Today we welcome William Adama back into our public awareness as Machinima launches the first two episodes of Battlestar Galactica: Blood and Chrome, a prequel that takes viewers back to the Galactica during the first Cylon war. New episodes will be released over the next four weeks, and then aired on Syfy as a television movie.
The web series stars Skins actor Luke Pasqualino as a young Adama as he heads off to join the Galactica as a pilot. He’s teamed up with veteran Coker Fasjovik, played by Ben Cotton, and the two are sent out on a “milk run” on their assigned Raptor. As those of you who have seen the first two episodes of Blood and Chrome now know, that doesn’t quite go as planned.
Earlier today, Spinoff Online had the chance to speak with both Pasqualino and co-creator David Eick, executive producer of Battlestar Galactica, its spinoffs movies and Caprica, to discuss this new series. Eick made it very clear that, contrary to reports, Blood and Chrome was never planned for television.
“I think where the confusion [about Blood and Chrome not being a web series] came in was the network, after seeing the scripts, said, ‘Gee, we don’t want to rule out the possibility of just abdicating the online venture altogether and throwing this up as a pilot as traditional series for Syfy,'” he explained. “There were discussions about that, but for a variety of reasons, I think not the least of which was because there was a genuine feeling that we had really designed something altogether groundbreaking from a visual effects standpoint, to stick with the original plan and its future may be online, may be on air, may be on DVD in terms of subsequent future episodes or stories. Who knows? But it was never any kind of rejection.”
Speaking of future chapters of Blood and Chrome, Eick confirmed he and fellow producers David Weddle, Bradley Thompson and Michael Taylor have ideas for the next Adama story.
“As an exercise, which is not uncommon with these things … we hatched a next mission, sort of what the next leg of this character study would involve, and should we be fortunate enough to go forward, there is absolutely a very organic kind of evolution of where we leave our characters at the end of this story and what would we would pursue as our next tale,” he said. “I’m very hopeful and optimistic that we’ll be doing that soon.”
The plan is to have Blood and Chrome reinvent Battlestar Galactica for a new generation in the same way the 2003 miniseries did. Because of that, you won’t see too many nods to the previous series, and characters like the Final Five (who, as we noted to Eick, technically do show up at this point in the BSG timeline) won’t be around. Eick and his team even ruled out having a young Adama accidentally bump into a school teacher named Laura as a nod to his love interest during Battlestar Galactica because they decided it would be too corny.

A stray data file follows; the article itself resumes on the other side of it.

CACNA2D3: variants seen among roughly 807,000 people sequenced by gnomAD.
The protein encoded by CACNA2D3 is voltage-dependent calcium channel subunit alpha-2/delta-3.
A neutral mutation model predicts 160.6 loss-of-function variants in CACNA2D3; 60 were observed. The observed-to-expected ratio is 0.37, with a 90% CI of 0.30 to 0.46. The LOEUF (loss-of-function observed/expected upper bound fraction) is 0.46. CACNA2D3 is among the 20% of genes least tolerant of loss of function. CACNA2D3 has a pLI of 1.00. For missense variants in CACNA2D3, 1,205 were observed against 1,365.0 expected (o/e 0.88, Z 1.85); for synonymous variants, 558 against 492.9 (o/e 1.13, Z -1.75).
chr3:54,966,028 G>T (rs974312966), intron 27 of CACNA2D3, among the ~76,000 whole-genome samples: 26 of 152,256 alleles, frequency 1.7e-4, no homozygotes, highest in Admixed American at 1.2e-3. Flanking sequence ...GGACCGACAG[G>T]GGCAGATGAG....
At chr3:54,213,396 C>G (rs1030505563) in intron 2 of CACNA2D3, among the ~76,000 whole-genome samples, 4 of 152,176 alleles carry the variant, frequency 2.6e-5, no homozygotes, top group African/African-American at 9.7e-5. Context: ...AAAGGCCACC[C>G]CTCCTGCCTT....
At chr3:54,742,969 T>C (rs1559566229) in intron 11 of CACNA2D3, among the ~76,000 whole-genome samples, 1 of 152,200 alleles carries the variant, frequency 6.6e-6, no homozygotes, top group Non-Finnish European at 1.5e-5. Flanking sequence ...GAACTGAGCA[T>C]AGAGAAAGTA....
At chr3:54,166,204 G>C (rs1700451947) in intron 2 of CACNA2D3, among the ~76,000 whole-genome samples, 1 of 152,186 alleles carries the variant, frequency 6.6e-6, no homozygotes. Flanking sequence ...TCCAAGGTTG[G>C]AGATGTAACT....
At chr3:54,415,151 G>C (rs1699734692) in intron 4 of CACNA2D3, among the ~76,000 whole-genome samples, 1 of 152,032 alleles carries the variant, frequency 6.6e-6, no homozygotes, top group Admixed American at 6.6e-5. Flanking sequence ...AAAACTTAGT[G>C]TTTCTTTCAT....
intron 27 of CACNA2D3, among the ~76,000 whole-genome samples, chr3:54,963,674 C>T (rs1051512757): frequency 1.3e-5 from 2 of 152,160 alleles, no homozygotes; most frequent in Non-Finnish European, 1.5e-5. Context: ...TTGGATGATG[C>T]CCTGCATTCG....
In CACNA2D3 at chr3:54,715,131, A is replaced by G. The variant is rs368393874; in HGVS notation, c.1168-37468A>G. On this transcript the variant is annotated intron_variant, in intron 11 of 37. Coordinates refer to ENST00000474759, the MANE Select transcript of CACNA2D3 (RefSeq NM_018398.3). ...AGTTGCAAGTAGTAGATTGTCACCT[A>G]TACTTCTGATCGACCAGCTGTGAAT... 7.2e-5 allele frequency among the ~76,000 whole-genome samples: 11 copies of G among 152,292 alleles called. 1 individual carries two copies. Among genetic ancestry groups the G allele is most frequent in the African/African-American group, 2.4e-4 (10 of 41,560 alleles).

But that’s not to say that this will stand on its own in the BSG universe. There are Easter eggs scattered around for those who care to look (for instance, the theme song for the original series starts playing when Adama first sees the Galactica), and Blood and Chrome will also tie back to the short-lived Caprica. In fact, Eick is even considering having Esai Morales, who plays Joseph Adama (William’s father) on Caprica make an appearance at some point in the Blood and Chrome storyline.
As Pasqualino said, “Battlestar wouldn’t be Battlestar really without kind of the Cylon element with them,” so expect plenty more Toasters this time around. “Seeing them from a young Adama’s point of view is something completely different,” he teased, and Eick added that the Cylons in Blood and Chrome will be unlike any iterations we’ve seen before.
“I think what the viewers of this Blood and Chrome story, this 10 segments, will discover is that as the Cylons embarked on their decisions to mimic and surpass human beings … they didn’t do it overnight. It’s not like they’re machines with gears and rivets one day and had softer skin the next day. They took time to attempt to approximate an evolution,” he said. “Throughout this story, we will see examples of those approximations of evolutions, how the Cylons were attempting to push through their evolutionary process into becoming more human-like. And, of course, the results can be terrifying and unexpected.”
Eick teased that a big turning point in the new series is going to happen when —spoiler alert! — Adama is betrayed by the woman he loves. Our guess is we probably already met her (if you’ve seen the episodes, you know who we’re talking about), but Eick said this event will spur Adama to his hatred of the Cylons and a reevaluation of his relationships.
“Where did that [hatred of Cylons in BSG] come from? Was it because he was a prisoner of war? Was it because involved in some horrible conflict? He wants to incinerate them, but why? The more I thought about it, the more I came up with the answer I thought was emotionally driven,” he said. “For me, it seemed like maybe the most interesting answer was because of a broken heart, and that came from a very personal place where he’d been explained by someone he loved.
Eick added, “Adama will come to learn that, through the betrayal that he experiences from the one that he loves, he learns that a more reliable and trustworthy relationship is with his partner Coker. … Through this experience, the audience of Battlestar might [decide] that that’s why Edward James Olmos’ character in Battlestar Galactica has this relationship with Colonel Tigh.”
Lastly, Eick commented that the reason BSG and Caprica showrunner Ron Moore isn’t involved is because he’s moved on to other things, and not because of any hard feelings. In our minds, that opens this project up to potential collaborations farther down the road.